While investing at any age is a great way to help one get ahead, investing in your 20's is often uncommon territory. You can never start too early when it comes to saving and/or making money for your future.
- Consider your budget: It is important before any investment planning to consider your budget. Can you afford to invest at all? How much are you able to save from each pay check? How much debt do you have? This is to include car payments, medical bills, student loans, and anything else you are currently paying monthly. Before any steps are taken toward investment, it is important to know how much you are actually going to be able to work with.
- Who do you know that currently invests?: Perhaps your parents are active investors, or you have friends from college that have spoken of their investment ordeals. Neighbors, coworkers, even social networking friends can all be good sources of first-hand information before you take the plunge into investing yourself.
- Know what type of investing you want to try: If your only concept of investments is the stock market, you should do some homework before going any further. There are a variety of investment opportunities out there, all with varying fees, risks, and turnover. If you are unsure of where to find this information, a trip to the library, an internet search, or a call to your bank's investment department can help provide some information.
- Consider your bank and the type of banking you have done until now: If your bank has an investment department, this might be the best place to start. You can meet with a financial advisor or investment counselor, have your questions answered, and have potential plans proposed. This is also good because you have a previously developed relationship with the bank.
- Pay attention: Before you begin any investment plans, it is a good idea, after selecting the types of investments you are interested in, to start watching those investments for growth. See if they have a tendency to continually earn money or if the risks seem to great before giving your money to them.
- Learn what the numbers mean: There are a lot of banks and advisors out there that are quick to give half-information and keep investors in the dark. This is not meant to scare anyone, but it should be seen as a sign to learn as much as you can before handing out your cash. If you can't read the stock market pages or watch the market information on the television, perhaps it's time for a book or internet search.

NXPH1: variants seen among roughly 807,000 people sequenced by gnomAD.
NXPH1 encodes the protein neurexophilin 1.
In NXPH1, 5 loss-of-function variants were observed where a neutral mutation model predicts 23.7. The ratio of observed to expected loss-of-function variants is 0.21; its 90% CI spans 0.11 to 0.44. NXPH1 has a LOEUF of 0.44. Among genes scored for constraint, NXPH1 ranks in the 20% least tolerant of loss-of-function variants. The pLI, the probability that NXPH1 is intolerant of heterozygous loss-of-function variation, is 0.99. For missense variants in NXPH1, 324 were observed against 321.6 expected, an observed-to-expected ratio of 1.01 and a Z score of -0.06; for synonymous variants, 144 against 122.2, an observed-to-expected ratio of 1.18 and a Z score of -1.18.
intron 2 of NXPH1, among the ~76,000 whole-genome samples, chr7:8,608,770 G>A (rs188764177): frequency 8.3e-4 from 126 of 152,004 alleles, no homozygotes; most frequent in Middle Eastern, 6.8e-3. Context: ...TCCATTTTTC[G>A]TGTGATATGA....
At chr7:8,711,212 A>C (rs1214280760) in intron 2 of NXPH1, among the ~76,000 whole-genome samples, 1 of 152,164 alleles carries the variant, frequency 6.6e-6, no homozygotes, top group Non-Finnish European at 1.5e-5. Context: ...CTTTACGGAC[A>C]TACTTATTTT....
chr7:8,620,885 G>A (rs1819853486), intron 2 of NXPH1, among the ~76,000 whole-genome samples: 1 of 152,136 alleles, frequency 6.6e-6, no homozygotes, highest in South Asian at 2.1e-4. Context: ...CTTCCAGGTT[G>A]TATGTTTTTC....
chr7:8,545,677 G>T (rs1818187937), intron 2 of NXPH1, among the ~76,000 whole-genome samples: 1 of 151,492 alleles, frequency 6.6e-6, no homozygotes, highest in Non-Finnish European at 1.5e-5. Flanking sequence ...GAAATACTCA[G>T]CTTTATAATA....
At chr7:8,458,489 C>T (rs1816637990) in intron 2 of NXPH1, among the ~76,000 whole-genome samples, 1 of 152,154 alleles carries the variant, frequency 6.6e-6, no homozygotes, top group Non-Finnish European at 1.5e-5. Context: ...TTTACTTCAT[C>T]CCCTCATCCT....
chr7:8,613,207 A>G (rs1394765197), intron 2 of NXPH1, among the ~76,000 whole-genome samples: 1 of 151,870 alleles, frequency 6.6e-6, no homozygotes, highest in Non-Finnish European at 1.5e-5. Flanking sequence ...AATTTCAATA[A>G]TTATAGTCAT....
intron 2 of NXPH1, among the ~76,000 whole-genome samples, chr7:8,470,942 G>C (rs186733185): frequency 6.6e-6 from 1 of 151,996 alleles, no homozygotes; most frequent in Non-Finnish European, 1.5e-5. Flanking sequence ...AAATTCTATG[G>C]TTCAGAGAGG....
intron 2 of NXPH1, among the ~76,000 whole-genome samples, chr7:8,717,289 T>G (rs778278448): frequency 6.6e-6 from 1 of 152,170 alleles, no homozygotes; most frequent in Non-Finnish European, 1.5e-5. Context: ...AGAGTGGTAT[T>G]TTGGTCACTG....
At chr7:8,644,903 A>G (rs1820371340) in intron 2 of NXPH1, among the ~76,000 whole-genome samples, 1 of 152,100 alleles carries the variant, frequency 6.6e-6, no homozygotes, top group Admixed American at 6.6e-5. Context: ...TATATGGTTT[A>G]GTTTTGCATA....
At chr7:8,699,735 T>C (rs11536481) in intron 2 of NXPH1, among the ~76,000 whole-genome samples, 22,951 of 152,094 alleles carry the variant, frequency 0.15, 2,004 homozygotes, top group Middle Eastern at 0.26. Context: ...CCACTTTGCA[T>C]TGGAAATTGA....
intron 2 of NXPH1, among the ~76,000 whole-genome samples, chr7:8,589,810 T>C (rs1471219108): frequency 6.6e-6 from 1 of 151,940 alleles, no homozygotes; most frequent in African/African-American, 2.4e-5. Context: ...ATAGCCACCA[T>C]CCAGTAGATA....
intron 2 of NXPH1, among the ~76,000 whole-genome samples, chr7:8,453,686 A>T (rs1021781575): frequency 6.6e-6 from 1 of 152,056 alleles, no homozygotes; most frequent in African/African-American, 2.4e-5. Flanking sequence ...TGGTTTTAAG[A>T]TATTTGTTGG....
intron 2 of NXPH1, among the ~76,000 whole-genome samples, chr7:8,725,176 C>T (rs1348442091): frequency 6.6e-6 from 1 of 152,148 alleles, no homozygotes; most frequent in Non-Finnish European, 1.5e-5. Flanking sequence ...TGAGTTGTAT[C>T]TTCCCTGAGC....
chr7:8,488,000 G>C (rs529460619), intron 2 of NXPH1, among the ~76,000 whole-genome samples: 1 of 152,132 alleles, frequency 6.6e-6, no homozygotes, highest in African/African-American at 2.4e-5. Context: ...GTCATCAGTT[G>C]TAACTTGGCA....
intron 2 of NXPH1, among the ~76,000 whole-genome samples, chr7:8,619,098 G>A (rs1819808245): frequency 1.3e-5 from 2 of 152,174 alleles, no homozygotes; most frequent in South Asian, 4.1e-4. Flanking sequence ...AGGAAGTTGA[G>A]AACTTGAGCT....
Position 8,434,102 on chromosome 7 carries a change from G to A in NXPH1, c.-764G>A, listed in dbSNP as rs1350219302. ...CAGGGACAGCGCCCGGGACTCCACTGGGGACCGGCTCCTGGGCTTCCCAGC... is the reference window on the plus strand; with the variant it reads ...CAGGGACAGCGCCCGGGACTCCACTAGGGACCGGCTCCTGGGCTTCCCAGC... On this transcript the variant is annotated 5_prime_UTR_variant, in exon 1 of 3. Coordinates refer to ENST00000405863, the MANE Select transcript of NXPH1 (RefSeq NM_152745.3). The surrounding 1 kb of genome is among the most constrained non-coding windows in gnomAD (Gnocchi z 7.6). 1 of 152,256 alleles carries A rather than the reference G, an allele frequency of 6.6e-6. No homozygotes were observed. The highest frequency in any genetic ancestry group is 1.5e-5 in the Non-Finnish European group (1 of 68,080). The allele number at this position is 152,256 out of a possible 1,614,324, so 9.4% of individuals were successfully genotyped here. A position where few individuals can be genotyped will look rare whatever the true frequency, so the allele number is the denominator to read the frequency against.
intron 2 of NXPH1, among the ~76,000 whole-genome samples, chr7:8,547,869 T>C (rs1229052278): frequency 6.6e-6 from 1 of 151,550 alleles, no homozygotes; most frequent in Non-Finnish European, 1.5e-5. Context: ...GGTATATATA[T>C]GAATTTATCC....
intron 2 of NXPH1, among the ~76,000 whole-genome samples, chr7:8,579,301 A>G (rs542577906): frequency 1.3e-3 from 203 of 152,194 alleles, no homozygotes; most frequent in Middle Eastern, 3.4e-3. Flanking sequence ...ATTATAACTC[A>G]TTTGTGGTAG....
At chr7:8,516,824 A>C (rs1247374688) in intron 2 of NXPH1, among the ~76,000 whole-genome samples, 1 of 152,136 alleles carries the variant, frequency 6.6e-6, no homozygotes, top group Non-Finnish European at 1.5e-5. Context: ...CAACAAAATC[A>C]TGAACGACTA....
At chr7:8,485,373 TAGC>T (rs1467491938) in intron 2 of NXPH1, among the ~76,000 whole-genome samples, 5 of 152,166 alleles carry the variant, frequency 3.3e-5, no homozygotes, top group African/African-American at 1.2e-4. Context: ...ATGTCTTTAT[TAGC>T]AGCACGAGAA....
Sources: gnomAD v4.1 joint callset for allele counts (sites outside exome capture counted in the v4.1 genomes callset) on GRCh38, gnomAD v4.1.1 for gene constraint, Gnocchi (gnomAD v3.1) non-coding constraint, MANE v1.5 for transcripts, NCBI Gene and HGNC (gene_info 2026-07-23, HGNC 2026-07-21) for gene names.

- Investing on your own: Many investors are now using online trading tools such as e*Trade, Ameritrade, and the like. This has pros and cons. If you are completely unfamiliar with investing at all, it is always best to get information and seek help from a professional financial advisor first. However, if you feel brave and want to try a website, they do offer tutorials and internet-based tools to assist in learning and investing.
- Know the risks: Stocks are risky, and they require monitoring on a daily basis. Skipping a day or two can mean the loss of major income or opportunity. Mutual Funds provide slightly less risk, but also slightly less earning potential, and Corporate Bonds provide promises of high earning potential but coupled with high risk. Knowing the difference, and knowing what you can afford can help.
- Prepare in advance: Before visiting a bank, financial advisor, or any other type of investment professional, prepare in advance. Know the information you need to ask to make good decisions. Type up the questions and bring it with you.
- Investing vs. Saving: If you are currently living check-to-check and unable to save, it is probably in your best interest to hold of on investing. The idea of easy money seems attractive, but it's more important to set yourself up for success. Keep working, get better with your budget, and learn all you can before moving on to investing.
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